- For out of school clubs, the requirement to have qualified staff only applies to any pre-school children who attend your setting. These requirements have now been relaxed slightly. You still need to have someone present at each session who has a recognised Level 3 qualification, but it is no longer a legal requirement for half of the remaining staff (who care for the pre-school children) to have a recognised Level 2 qualification. It is also no longer a requirement for staff to have a full PFA or emergency PFA certificate in order to be counted as qualified staff.
These temporary changes initially came into force on 24 April 2020 and were updatedon 26 September. The end date of the legislative changes has been extended to 31 August 2021 and allows settings to make use of the disapplications if Covid related restrictions (such as the national lockdown) are in place in their area. Once the temporary changes are lifted, the disapplications around staffing qualifications in ratios will still continue for two months to allow settings to get their staffing levels back to normal. But all other temporary disapplications to the regulations will cease immediately.
For more details see:
Early years foundation stage: coronavirus disapplications
Coronavirus Job Retention Scheme (furlough scheme)
The Chancellor announced on 3 March that the Coronavirus Job Retention Scheme (CJRS) which was due to close at the end of April 2021, will now continue until the end of September 2021.The extended CJRS will ensure that employees will receive 80% of their current salary for the hours that they don't work. Until the end of June employers will need to contribute just the NI and pension contributions for the hours not worked for each member of staff. In July employers will need to also contribute 10% of the salary cost, rising to 20% in August and September.
For more information about how the CJRS works, and how to make a claim, see:
Claim for wage costs through the Coronavirus Job Retention Scheme
For a clear explanation about the correct procedure for furloughing staff, see:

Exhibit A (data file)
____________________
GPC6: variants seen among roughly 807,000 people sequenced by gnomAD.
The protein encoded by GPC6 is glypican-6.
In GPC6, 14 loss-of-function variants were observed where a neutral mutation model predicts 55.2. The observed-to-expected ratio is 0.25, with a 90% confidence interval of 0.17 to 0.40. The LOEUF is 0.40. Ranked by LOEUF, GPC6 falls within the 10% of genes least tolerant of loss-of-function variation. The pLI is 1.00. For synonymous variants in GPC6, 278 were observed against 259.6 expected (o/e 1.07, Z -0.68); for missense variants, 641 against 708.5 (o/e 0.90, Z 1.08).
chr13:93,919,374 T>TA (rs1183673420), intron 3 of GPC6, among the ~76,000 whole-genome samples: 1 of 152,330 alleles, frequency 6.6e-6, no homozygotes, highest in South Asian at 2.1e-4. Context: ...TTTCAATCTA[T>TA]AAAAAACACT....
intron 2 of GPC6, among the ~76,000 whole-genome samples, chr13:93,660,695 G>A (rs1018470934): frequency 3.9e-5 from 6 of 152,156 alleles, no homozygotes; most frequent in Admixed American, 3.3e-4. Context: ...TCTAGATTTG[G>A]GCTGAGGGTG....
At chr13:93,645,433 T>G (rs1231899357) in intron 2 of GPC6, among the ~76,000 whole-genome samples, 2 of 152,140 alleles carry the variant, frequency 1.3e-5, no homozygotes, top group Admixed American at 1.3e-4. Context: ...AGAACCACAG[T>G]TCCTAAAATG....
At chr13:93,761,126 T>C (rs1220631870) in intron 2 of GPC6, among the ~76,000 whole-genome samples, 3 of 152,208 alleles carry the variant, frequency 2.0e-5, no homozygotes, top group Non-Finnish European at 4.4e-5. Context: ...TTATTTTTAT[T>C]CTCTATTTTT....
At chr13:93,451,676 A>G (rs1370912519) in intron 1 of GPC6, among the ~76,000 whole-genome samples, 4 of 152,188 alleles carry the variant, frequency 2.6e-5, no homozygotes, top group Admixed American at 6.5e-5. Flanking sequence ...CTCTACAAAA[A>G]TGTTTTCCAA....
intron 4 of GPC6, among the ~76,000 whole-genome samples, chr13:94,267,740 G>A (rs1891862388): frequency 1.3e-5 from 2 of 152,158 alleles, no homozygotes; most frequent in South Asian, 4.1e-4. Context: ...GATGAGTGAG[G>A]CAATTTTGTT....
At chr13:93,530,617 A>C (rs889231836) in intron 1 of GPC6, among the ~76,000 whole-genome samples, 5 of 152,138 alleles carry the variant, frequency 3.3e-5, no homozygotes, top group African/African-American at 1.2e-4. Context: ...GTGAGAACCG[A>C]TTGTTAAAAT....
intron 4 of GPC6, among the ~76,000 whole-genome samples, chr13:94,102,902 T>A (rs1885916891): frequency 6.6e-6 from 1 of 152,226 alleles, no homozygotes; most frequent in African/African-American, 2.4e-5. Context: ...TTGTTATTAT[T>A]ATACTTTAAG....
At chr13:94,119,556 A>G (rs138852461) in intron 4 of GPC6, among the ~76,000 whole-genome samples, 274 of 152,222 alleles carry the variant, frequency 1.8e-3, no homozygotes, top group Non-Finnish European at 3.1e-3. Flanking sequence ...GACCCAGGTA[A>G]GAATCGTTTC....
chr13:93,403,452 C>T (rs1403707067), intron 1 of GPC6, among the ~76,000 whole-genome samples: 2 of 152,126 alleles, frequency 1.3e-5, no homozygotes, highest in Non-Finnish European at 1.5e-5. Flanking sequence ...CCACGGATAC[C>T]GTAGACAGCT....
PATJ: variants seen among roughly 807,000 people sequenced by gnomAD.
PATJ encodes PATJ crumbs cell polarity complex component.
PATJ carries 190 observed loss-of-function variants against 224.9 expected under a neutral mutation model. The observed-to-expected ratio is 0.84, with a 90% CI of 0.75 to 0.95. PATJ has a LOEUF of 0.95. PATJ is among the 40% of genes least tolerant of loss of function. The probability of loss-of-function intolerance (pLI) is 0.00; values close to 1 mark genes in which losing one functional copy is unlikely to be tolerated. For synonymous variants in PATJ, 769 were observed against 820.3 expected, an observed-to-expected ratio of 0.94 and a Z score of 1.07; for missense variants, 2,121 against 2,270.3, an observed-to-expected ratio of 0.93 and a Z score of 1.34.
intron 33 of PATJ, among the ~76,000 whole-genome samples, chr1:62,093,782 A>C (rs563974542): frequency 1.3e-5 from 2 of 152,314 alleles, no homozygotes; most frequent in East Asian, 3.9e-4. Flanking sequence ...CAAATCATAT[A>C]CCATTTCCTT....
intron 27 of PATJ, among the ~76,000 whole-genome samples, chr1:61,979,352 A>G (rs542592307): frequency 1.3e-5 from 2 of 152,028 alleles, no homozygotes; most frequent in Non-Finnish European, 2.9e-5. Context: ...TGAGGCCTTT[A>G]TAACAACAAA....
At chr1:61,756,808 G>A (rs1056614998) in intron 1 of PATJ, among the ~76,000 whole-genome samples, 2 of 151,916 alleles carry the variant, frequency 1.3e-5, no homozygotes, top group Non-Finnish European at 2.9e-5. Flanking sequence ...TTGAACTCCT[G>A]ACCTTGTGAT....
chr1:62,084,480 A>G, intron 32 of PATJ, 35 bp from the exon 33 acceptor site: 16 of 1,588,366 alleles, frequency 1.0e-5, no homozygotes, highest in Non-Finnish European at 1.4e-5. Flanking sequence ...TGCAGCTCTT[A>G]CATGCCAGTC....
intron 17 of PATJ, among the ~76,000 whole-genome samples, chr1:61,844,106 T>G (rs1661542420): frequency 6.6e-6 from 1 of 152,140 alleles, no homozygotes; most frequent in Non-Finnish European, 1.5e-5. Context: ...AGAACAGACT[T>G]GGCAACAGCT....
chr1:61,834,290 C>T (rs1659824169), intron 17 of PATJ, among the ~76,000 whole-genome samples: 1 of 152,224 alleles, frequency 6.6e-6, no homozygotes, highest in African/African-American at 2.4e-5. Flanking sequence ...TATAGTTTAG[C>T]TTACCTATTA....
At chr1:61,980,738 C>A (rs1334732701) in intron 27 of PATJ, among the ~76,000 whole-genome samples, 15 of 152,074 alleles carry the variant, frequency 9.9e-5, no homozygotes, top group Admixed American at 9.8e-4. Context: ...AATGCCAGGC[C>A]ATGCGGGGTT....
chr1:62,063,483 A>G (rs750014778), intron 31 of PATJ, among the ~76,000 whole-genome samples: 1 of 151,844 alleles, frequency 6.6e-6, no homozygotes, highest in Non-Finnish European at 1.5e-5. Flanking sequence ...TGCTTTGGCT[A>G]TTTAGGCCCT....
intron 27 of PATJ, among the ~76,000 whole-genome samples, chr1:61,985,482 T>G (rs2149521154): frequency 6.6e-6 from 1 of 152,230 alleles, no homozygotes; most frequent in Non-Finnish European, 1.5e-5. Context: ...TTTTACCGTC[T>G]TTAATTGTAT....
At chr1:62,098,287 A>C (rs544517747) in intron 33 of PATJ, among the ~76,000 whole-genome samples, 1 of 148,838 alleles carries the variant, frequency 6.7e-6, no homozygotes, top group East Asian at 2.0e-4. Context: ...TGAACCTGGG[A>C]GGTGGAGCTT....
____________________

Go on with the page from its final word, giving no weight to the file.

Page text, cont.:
ACAS guidance on furloughing staff
Self-Employment Income Support Scheme (SEISS)
The Chancellor also announced on 3 March that there will be a fourth grant under the SEISS, to cover the period from 1 February to 30 April 2021. This will be worth 80% of three months' average profits (up to a maximum of £7,500). Claims for the fourth grant will open in late April.
There will also be a fifth grant to cover the period from May to the end of September, but the amount you can claim will depend on how much of a reduction in turnover you have experienced. If your turnover has reduced by 30% or more, you can claim the grant to the value of 80% of your average profits as before, capped at a maximum grant of £7,500. If your turnover has reduced by less than 30%, you can claim a grant to the value of 30% of your average profits, capped at a maximum grant of £2,850. Claims for the fifth grant are expected to open in late July.
The eligibility criteria for the fourth grant has been extended to include people who became self-employed in the 2019-2020 tax year, who were previously excluded because they had not yet submitted a tax return, so were unable to prove their income. Self-employed people who have submitted a tax return for the year 2019-2020 will now be eligible for the fourth SEISS grant.
Find out more about the Self-employment Income Support Scheme
People who are effectively self-employed but operate via a small limited company, still won't be covered by the SEISS but they can be compensated at up to 80% of their PAYE earnings under the Coronavirus Job Retention Scheme (see above).
If any of your employees have had to take time off because they have contracted Covid-19, or they have been advised to self-isolate, or because they have been shielding, and they are eligible for Statutory Sick Pay (SSP), then you can reclaim up to two week's worth of any SSP that you have paid out. This only applies if you employ fewer than 250 people, and applies to sickness periods that began on or after 13 March 2020, and to staff who were shielding from 16 April 2020. To find out more about how the scheme will work and who it applies to, see:
Check if you can claim back SSP paid to employees due to coronavirus/covid-19
More information about financial support
The government has put in place numerous other measures to support businesses, but the ones we've picked out above are those most likely to be relevant to out of school clubs. For more details of the measures outlined above, as well as information about other business support schemes, see the latest government guidance:
Covid-19: Support for businesses
For more information about government support for employees see:
Covid-19: Guidance for employees
The Federation of Small Businesses has a good summary:
Covid-19: Advice and guidance for small businesses and the self-employed